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    Rosencrantz and Guildenstern are Dead

     

    @SLRHS Library

    Cover Art
    Looking for Hamlet - Marvin W. Hunt
    Call Number: 822.3 HUN
    ISBN: 140397036X
    Publication Date: 2007-12-10

     

    Assignment Document

    Rosencrantz and Guildenstern are Dead Research Paper

        
       

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      Assignment Overview

      Rosencrantz and Guildenstern are Dead Research Paper

       

      Your task as an analytical writer is to explore a theme of Rosencrantz and Guildenstern are Dead. You must use textual evidence from the play and outside sources to support the claim you have created.

      Step One: Decide on your theme.

      Step Two: What literary techniques or devices help lead you, the reader, to this theme?

      Step Three: Figure out if there is there one illuminating moment in the play that serves as foundation of your theme. Gather your evidence from the text.

      Step Four: Searching for critical sources.

      You should look for:   

              Critical analysis of Rosencrantz and Guildenstern are Dead

              Critical analysis of Hamlet

              Information on Theater of the Absurd, tragicomedies, Existentialism, Nihilism, Fatalism, or any information from these movement’s founders like Kierkegaard, Dostoevsky, Nietzsche, Sartre, Camus, Beckett, etc.

              Allusions and The Bible

              Anything written by or about Tom Stoppard--consider media sources involving Stoppard or possibly even interviews with Tim Roth and Gary Oldman from the movie version of Rosey and Guildy

              Theme in literature or plays

              Anything else you can think of that relates to your theme

      Step Five: Once you have all your information it’s time to start organizing it. Create an outline of your paper. Know the point of each body paragraph. Make sure your paper has flow and that it moves deeper as you go rather than staying stagnant. Include your textual evidence and outside sources in your outline.

      Step Six: Writing, editing, re-writing, more editing, re-writing, final product.

       

      Some helpful hints for your research writing journey...

              Stay focused – determine what, specifically, you are arguing and keep your focus tight. Don’t attempt to explore multiple themes!

              Use the text. Once you have determined your argument (thesis) draw up a list of those lines (including stage directions, heck, your focus could be on the stage directions) to best support your points.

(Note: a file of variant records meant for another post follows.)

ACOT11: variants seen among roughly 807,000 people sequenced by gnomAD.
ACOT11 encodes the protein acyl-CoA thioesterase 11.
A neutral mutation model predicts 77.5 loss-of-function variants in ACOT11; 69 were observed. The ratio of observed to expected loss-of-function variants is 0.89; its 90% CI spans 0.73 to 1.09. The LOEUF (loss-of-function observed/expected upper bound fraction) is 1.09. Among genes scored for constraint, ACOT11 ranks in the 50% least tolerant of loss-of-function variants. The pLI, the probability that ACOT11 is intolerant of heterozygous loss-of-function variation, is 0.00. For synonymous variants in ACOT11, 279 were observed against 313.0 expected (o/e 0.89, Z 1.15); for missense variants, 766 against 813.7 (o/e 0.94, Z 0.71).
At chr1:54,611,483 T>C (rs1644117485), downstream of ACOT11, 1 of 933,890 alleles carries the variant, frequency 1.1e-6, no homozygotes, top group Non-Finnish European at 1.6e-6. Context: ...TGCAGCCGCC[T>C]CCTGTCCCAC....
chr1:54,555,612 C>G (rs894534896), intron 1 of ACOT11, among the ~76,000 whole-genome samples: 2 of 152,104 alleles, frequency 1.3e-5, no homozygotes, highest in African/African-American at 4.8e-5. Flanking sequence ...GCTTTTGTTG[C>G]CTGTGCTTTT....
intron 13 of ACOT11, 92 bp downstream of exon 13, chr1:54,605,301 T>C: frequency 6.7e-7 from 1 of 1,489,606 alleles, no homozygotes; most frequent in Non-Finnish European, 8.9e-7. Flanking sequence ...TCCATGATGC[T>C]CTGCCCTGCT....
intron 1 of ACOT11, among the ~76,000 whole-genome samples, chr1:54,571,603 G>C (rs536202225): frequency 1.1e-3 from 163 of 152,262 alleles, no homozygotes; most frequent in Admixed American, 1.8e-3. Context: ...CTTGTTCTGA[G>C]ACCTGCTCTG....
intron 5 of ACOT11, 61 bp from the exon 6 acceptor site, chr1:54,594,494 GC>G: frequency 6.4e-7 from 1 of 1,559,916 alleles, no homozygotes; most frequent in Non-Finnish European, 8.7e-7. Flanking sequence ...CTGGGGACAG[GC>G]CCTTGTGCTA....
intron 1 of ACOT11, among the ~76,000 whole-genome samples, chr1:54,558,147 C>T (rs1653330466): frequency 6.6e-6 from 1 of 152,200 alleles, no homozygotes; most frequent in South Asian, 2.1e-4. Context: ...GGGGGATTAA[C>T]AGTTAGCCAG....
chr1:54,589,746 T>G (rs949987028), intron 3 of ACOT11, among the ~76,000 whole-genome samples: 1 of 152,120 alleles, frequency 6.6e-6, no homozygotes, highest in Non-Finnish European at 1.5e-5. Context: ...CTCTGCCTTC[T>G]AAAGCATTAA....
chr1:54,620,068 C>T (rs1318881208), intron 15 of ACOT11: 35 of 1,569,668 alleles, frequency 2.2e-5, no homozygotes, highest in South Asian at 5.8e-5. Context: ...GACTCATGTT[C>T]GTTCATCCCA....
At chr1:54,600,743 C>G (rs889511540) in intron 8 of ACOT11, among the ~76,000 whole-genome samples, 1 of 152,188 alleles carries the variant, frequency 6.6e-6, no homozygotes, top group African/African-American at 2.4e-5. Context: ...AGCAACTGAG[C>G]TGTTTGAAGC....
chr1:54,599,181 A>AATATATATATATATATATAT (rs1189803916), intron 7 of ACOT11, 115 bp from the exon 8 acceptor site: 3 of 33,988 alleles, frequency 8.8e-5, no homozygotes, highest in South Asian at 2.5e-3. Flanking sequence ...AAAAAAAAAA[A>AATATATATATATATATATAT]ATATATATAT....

Consider those ideas/ themes/ lines that are REPEATED (and repeated with slight modifications) throughout the play.

              You may abbreviate Ros. And Guil. AFTER the 1st paragraph.

              Place the page number or critic’s last name in parenthesis after direct quotes. Set-up quotes so your ideas flow.

              Write in 3rd person present tense!

              Employ literary and analytical language!

              Keep your focus/ argument/ thesis in mind throughout your paper.

              ANALYZE, don’t summarize!

              For your closing paragraph, think “big picture.” What are the deeper questions raised by the play? How are those questions answered? Are they? Consider exploring the play’s FINAL MOMENTS in the final moments of your paper.

       

      Below are two example introductions. Read them and then answer for each...  

      What info about the play is presented in this intro?

       

      What is the writer’s thesis (argument)?

       

      Where will this writer need to go next?

       

      A:
      Of his Pulitzer Prize-winning tragicomedy, Tom Stoppard has said, “the chief interest and objective was to exploit a situation which seemed to me to have enormous dramatic and comic potential – of these two guys who in Shakespeare’s context don’t really know what they are doing.” Indeed, Rosencrantz and Guildenstern Are Dead presents a “worm’s eye” view of Shakespeare’s Hamlet, and the result is a journey exploring life’s existential questions, from “Is there a choice?” (43) to “Is there a God?” (43) with meditations on chance and death along the way.

      B:
      “I think I’ll spend most of my life on boats,” (101) announces Guildenstern in the third act of Tom Stoppard’s critically-acclaimed tragicomedy Rosencrantz and Guildenstern Are Dead. He and his companion are en route to England, on King Claudius’ orders, to deliver their boyhood friend to the English monarch. In essence, the plot is derived from Shakespeare’s Hamlet; however, Stoppard’s tale focuses on the two insignificant “smiling accomplices.” Indeed, positioning the pair “at sea” in Act III metaphorically “explore[s] comically the kind of existential angst expressed more formally by Shakespeare’s Hamlet. For Stoppard’s duo, the ship is a metaphor for life” (Harrison).

          
         

        @SLRHS Library

        Cover Art
        Rosencrantz and Guildenstern Are Dead - Tom Stoppard; Tom Stoppard
        Call Number: 822 STO (On Order)
        ISBN: 9780802132758
        Publication Date: 1988-05-01

        Cover Art
        Tom Stoppard - Jim Hunter; Charles Boyle (Contribution by)
        Call Number: On Order
        ISBN: 9780571197828
        Publication Date: 2000-08-28

         

        @SLRHS Reference

        Cover Art
        1,300 Critical Evaluations of Selected Novels and Plays - Frank N. Magill
        Call Number: REF 808.8 MAG
        ISBN: 089356043X
        Publication Date: 1978-01-01

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